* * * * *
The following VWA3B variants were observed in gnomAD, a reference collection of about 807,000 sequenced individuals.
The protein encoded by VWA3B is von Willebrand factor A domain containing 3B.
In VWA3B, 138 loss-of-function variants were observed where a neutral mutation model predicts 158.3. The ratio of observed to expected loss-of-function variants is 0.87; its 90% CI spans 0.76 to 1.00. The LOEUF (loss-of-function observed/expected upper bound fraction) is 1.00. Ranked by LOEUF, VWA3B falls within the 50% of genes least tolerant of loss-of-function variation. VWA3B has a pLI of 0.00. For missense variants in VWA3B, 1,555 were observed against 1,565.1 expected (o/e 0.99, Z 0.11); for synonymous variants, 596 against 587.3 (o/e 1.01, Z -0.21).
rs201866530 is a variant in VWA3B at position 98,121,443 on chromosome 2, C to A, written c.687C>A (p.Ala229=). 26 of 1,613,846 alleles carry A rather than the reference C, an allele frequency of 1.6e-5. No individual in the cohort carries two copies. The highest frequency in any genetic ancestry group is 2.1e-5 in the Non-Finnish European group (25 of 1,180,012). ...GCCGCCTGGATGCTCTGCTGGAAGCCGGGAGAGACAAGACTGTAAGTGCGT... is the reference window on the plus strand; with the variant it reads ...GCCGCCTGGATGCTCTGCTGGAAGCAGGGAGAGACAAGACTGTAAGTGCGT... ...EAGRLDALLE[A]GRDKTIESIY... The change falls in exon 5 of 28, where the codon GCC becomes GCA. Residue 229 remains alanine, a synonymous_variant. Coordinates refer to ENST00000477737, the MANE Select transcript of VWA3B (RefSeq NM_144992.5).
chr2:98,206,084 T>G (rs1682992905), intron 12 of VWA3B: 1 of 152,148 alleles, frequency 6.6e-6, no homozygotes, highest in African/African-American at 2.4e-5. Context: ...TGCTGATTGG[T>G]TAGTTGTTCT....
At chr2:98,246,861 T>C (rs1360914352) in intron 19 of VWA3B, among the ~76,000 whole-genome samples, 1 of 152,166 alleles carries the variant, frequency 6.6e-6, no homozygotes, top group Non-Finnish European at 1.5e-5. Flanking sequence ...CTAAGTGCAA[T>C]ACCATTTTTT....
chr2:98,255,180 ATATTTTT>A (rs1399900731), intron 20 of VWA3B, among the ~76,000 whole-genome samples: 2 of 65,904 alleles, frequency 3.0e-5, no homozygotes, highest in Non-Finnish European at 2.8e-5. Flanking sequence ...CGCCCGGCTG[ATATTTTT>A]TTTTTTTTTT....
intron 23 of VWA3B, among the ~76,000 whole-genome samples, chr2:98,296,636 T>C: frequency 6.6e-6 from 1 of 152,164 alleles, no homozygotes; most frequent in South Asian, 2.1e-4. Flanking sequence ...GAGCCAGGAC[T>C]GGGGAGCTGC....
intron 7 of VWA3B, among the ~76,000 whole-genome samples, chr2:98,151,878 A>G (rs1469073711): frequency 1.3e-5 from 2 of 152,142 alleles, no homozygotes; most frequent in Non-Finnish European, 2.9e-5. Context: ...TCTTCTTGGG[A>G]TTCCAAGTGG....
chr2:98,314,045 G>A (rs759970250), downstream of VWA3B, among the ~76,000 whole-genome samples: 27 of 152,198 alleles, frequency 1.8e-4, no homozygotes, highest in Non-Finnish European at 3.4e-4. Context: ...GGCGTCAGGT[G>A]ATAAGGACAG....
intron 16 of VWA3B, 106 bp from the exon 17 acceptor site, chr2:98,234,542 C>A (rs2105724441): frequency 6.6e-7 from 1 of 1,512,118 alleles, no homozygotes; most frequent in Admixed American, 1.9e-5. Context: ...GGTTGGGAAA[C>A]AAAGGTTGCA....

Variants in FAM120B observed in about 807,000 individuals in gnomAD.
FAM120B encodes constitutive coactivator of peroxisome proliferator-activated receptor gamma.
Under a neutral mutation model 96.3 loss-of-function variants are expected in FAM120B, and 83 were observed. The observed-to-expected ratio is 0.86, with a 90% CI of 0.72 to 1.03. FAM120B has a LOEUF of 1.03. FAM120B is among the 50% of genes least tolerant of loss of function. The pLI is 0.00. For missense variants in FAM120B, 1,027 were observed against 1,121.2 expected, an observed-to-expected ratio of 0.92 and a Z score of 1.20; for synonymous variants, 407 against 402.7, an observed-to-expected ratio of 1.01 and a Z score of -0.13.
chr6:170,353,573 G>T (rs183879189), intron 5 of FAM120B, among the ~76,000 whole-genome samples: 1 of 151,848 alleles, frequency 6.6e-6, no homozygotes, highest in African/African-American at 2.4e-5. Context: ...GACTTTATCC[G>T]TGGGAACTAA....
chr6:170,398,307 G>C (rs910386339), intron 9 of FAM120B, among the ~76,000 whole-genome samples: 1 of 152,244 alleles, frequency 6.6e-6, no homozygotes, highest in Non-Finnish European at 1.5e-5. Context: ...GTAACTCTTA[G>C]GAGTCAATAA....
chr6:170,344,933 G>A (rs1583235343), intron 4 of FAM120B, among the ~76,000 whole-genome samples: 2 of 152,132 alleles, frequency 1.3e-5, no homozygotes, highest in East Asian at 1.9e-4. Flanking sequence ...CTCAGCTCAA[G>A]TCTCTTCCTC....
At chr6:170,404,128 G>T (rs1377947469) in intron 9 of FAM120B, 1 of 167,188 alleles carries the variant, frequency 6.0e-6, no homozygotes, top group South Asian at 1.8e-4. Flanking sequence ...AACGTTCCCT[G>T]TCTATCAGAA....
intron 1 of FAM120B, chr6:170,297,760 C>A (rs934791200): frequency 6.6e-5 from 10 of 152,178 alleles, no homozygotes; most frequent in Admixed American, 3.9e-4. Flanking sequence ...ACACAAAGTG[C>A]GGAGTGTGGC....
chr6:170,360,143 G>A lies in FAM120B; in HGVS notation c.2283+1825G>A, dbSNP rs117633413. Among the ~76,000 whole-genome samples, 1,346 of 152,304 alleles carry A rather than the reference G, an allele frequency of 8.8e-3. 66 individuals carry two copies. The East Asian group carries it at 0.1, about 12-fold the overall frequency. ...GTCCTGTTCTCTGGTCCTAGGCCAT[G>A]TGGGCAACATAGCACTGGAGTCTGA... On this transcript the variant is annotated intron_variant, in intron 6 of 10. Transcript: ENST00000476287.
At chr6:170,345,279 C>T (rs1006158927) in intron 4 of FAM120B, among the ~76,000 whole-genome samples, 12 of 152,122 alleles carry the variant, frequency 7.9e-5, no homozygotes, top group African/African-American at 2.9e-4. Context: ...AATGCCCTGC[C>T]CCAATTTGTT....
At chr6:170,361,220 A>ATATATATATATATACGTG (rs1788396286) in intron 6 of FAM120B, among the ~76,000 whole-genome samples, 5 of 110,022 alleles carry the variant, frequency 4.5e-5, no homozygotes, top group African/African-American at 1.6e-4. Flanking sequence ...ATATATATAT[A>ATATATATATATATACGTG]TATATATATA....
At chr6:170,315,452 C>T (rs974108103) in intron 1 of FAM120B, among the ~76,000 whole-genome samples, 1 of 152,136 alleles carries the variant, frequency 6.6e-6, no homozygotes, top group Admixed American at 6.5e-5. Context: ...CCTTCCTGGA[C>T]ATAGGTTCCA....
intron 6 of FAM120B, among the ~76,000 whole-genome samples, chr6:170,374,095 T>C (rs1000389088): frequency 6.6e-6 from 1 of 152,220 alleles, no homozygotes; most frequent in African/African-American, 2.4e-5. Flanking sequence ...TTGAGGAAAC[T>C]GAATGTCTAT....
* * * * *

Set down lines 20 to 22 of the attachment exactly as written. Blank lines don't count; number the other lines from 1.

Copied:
chr6:170,360,143 G>A lies in FAM120B; in HGVS notation c.2283+1825G>A, dbSNP rs117633413. Among the ~76,000 whole-genome samples, 1,346 of 152,304 alleles carry A rather than the reference G, an allele frequency of 8.8e-3. 66 individuals carry two copies. The East Asian group carries it at 0.1, about 12-fold the overall frequency. ...GTCCTGTTCTCTGGTCCTAGGCCAT[G>A]TGGGCAACATAGCACTGGAGTCTGA... On this transcript the variant is annotated intron_variant, in intron 6 of 10. Transcript: ENST00000476287.
At chr6:170,345,279 C>T (rs1006158927) in intron 4 of FAM120B, among the ~76,000 whole-genome samples, 12 of 152,122 alleles carry the variant, frequency 7.9e-5, no homozygotes, top group African/African-American at 2.9e-4. Context: ...AATGCCCTGC[C>T]CCAATTTGTT....
At chr6:170,361,220 A>ATATATATATATATACGTG (rs1788396286) in intron 6 of FAM120B, among the ~76,000 whole-genome samples, 5 of 110,022 alleles carry the variant, frequency 4.5e-5, no homozygotes, top group African/African-American at 1.6e-4. Flanking sequence ...ATATATATAT[A>ATATATATATATATACGTG]TATATATATA....